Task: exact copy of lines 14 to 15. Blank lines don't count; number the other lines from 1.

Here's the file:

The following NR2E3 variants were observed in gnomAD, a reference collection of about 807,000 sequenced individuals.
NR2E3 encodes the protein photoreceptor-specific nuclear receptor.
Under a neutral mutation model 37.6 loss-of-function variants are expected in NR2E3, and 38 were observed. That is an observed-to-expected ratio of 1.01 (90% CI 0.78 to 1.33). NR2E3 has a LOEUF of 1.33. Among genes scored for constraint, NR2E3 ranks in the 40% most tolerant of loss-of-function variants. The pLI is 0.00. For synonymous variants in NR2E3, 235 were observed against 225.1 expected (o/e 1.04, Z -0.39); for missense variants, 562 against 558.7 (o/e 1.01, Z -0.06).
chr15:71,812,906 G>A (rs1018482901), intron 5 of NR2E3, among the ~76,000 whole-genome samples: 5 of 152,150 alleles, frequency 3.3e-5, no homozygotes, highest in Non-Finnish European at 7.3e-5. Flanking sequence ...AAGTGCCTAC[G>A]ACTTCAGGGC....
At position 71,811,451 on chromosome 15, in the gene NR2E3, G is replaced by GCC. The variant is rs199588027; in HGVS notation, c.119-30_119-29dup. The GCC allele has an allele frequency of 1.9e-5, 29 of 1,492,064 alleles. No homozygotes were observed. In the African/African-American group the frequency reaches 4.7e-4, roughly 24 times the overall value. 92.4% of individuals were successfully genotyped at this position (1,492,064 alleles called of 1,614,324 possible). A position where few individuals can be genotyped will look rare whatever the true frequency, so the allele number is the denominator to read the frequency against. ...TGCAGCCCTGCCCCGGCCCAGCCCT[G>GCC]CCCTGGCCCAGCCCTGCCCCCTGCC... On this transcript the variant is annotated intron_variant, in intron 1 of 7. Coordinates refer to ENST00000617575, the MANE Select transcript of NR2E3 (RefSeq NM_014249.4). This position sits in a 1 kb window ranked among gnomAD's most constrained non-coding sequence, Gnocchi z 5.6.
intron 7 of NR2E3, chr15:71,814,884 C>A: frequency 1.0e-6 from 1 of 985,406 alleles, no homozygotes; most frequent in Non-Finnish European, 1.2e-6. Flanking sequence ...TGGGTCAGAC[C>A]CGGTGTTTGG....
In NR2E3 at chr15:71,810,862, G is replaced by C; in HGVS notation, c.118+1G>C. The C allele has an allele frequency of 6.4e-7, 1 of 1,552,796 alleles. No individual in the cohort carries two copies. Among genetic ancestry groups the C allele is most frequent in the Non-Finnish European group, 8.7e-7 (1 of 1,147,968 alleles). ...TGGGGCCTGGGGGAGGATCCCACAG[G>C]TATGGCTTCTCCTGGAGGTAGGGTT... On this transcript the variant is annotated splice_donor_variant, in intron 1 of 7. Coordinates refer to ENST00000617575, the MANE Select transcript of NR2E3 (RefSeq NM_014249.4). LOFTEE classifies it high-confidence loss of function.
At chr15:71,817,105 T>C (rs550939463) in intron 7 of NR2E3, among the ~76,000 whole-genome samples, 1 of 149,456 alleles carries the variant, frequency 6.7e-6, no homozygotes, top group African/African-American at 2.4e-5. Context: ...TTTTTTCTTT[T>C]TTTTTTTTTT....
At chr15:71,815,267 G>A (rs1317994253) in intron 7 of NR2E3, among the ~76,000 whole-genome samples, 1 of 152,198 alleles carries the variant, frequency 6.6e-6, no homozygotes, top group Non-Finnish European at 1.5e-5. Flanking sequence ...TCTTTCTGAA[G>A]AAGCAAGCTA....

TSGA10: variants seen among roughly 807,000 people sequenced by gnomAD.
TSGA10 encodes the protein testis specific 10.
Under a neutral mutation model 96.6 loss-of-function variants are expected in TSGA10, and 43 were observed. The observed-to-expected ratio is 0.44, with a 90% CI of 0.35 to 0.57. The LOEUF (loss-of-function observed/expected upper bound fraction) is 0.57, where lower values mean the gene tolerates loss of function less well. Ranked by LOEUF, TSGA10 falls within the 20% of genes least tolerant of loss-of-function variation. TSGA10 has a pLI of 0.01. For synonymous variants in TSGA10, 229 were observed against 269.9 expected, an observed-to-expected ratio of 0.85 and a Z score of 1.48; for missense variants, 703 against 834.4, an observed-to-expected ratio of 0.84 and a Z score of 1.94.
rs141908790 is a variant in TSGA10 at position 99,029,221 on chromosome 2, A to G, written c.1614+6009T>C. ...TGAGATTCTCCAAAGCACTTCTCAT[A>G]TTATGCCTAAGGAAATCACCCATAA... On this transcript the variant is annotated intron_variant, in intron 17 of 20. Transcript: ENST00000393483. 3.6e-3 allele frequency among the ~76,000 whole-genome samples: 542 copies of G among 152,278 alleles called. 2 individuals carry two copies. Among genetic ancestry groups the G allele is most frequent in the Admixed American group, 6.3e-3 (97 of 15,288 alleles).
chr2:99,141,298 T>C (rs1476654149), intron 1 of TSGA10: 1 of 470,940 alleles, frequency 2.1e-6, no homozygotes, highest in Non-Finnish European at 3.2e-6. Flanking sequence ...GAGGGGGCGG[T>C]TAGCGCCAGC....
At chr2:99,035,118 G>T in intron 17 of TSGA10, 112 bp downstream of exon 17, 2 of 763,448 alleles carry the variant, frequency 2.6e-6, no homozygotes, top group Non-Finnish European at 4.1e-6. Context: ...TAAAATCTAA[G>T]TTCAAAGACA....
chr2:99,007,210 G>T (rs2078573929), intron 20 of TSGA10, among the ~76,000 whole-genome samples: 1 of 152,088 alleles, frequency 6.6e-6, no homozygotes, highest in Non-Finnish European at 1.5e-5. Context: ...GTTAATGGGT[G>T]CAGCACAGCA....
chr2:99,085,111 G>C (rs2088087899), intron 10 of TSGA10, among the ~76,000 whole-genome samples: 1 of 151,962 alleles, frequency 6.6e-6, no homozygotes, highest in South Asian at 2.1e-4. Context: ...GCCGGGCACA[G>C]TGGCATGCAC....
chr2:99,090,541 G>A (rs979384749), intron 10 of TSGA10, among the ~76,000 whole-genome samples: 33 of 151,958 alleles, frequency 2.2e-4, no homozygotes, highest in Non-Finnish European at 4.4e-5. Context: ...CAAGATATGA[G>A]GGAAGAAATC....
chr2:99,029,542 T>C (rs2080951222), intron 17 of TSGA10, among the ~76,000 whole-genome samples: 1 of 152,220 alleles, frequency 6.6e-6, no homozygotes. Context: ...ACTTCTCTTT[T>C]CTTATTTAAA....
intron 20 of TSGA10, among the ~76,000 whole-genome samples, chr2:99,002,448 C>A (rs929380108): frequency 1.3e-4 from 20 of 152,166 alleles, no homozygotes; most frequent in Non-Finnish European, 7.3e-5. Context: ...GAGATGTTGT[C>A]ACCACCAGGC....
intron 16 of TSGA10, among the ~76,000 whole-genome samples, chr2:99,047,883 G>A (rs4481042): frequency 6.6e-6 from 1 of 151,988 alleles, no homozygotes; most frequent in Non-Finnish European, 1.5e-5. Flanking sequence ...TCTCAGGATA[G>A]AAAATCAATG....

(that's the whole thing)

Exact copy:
chr2:99,141,298 T>C (rs1476654149), intron 1 of TSGA10: 1 of 470,940 alleles, frequency 2.1e-6, no homozygotes, highest in Non-Finnish European at 3.2e-6. Flanking sequence ...GAGGGGGCGG[T>C]TAGCGCCAGC....
At chr2:99,035,118 G>T in intron 17 of TSGA10, 112 bp downstream of exon 17, 2 of 763,448 alleles carry the variant, frequency 2.6e-6, no homozygotes, top group Non-Finnish European at 4.1e-6. Context: ...TAAAATCTAA[G>T]TTCAAAGACA....